They say a man should stick to one expensive hobby.
For the sake of his bank account, his marriage, and his development in his craft, this is sound advice. One of my closest friends chose golf long ago. I’ve golfed here and there over the years and fully appreciate the draw but the time and money needed to become proficient is not enticing to me at all.
I’ve never felt compelled to convince him to switch sides. He’s asked about my trips and gear in backyard conversations. I have long wondered how I might help him experience flyfishing so that he could taste the “why”. We were staying with our families in his place in Sunriver, OR last year when it occurred to me that the window of opportunity to do so was open.
To hedge bets and all but guarantee his experience be a positive one, we reached out to Deep Canyon Outfitters in Bend. The price was reasonable and the shop they are based out of (in the Mill District of downtown Bend) is a solid shop for all the usual items you’d want to peruse and surrender money to.
Our guide Reid, (no longer at Deep Canyon Outfitters), was a likable guy with experience both local and around the Pacific Northwest’s shining crown…the Olympic Peninsula. In the parking lot he showed me a few flies to start with, mostly tiny micro-mays, and some other normal winter offerings like midges in minuscule sizes. He walked us down to the river and sent me downstream so he could focus on getting my buddy Matt situated, which was exactly what I was hoping for.
The day was memorable for several reasons, but here’s three:
1. I’ve not seen that many rainbows over 20″ stacked up in my whole life. Yes, those that know the Fall River will bemoan that the big fish are pellet-feeding degenerates stocked from the trout farm on the river…and they’d be right. Some hatchery hogs were in there but the fish were really clean, really strong, and other wild fish found their way to the parade. Besides, we weren’t throwing pellet flies. Again, my purpose was to have Matt, “get a taste of the glory” (said like Nacho Libre).
2. The plan worked. Matt caught a few huge rainbows. Our guide had him work a groove in the riverbed rock for the better part of an hour. After dozens of drifts of varying quality, things started happening. Fish so big I had to explain that “things don’t usually work like this”.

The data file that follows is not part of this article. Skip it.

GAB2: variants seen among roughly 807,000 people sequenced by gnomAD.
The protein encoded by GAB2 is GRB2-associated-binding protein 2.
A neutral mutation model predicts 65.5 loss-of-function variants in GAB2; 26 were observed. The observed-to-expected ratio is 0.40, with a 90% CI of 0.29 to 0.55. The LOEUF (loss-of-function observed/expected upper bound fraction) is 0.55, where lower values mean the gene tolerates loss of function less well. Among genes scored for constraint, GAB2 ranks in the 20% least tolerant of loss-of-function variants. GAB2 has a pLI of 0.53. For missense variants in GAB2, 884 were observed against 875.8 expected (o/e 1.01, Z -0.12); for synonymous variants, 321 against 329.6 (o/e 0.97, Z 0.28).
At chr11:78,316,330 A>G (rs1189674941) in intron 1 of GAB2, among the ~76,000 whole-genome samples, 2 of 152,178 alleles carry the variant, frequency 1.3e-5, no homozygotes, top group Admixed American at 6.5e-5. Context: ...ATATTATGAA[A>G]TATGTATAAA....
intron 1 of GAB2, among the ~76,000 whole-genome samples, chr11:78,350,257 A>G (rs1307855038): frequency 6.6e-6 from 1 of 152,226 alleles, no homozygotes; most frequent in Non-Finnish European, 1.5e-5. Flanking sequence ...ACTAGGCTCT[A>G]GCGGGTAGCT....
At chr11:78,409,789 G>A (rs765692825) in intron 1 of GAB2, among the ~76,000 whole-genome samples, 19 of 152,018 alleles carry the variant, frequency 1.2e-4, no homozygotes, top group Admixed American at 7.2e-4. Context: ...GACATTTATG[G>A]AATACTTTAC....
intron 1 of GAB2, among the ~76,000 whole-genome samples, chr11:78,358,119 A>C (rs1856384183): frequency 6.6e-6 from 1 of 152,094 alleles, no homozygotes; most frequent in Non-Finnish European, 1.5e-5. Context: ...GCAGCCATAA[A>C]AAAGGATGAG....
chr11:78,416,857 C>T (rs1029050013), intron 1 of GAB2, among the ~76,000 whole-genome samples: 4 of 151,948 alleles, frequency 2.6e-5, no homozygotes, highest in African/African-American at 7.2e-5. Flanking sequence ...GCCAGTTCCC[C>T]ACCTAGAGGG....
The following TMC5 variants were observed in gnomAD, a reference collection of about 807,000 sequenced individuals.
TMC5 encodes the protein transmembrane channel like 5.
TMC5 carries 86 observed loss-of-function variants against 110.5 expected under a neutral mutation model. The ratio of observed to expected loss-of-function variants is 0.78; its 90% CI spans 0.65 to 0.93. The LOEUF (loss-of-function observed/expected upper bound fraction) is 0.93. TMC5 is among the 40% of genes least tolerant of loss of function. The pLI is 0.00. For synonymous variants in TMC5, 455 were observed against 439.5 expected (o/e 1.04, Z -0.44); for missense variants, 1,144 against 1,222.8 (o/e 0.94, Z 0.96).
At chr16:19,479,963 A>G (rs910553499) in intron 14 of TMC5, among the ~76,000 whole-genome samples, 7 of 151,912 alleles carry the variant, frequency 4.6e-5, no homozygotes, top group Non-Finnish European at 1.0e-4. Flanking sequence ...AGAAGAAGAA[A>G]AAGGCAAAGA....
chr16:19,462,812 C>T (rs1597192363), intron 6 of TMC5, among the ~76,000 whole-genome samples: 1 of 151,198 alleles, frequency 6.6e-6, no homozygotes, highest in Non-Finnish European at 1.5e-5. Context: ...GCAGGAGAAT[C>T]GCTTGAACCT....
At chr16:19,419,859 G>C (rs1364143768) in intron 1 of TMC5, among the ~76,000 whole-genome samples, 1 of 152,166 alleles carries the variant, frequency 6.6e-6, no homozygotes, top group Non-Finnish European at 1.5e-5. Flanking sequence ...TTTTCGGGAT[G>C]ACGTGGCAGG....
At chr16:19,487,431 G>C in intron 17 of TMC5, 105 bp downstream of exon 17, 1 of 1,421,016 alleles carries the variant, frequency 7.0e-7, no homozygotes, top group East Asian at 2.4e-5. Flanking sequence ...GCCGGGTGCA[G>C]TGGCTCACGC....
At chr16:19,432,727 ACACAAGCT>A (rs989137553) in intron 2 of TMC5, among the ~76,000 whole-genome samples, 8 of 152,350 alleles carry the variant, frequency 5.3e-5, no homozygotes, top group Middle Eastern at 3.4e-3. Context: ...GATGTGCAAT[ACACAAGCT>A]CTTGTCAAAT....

3. Lastly, and most memorable for me, several of the guiding principles ingrained into me by years on rivers across the west and from fishy peers smarter than I went right out the window. The Fall River is actually gin clear, not metaphorically similar to a clear liquid. I don’t mean mostly clear…the entire thing looked just like the stuff you drink out of your HydroFlask. You could see every pebble, twig, and fin.
Water this clear comes with it some well established rules and this river was the exception to them all. My “life-learnings” were all shelved for the day. I needed to forget everything I knew.
“If you can see the fish from the water’s edge, he’s already seen you…you probably should keep moving and come back later.”
Not here. Fish to the monster staring right at you.
“If you throw a dozen drifts in front of a fish you’ve sighted, he’s not feeding, so just move along.”
The only fly more delicious looking than your 42nd drift was your 43rd.
“The biggest fish will be hiding under deep cover or under embankments where only the craftiest and seasoned angler will be able to coax them out.”
98% of them were dead center in three feet of water.
Once I listened to my guide (shocker) and forgot everything, things came together for me.
While perhaps a slight misrepresentation of an average day chasing trout, I still left satisfied knowing Matt had felt a tight line, the fight of a large rainbow, and the icy chill of wading a winter stream. Judging by our conversations in the weeks that followed Matt won’t forget that day, nor will he pass on another opportunity to join me again on the water.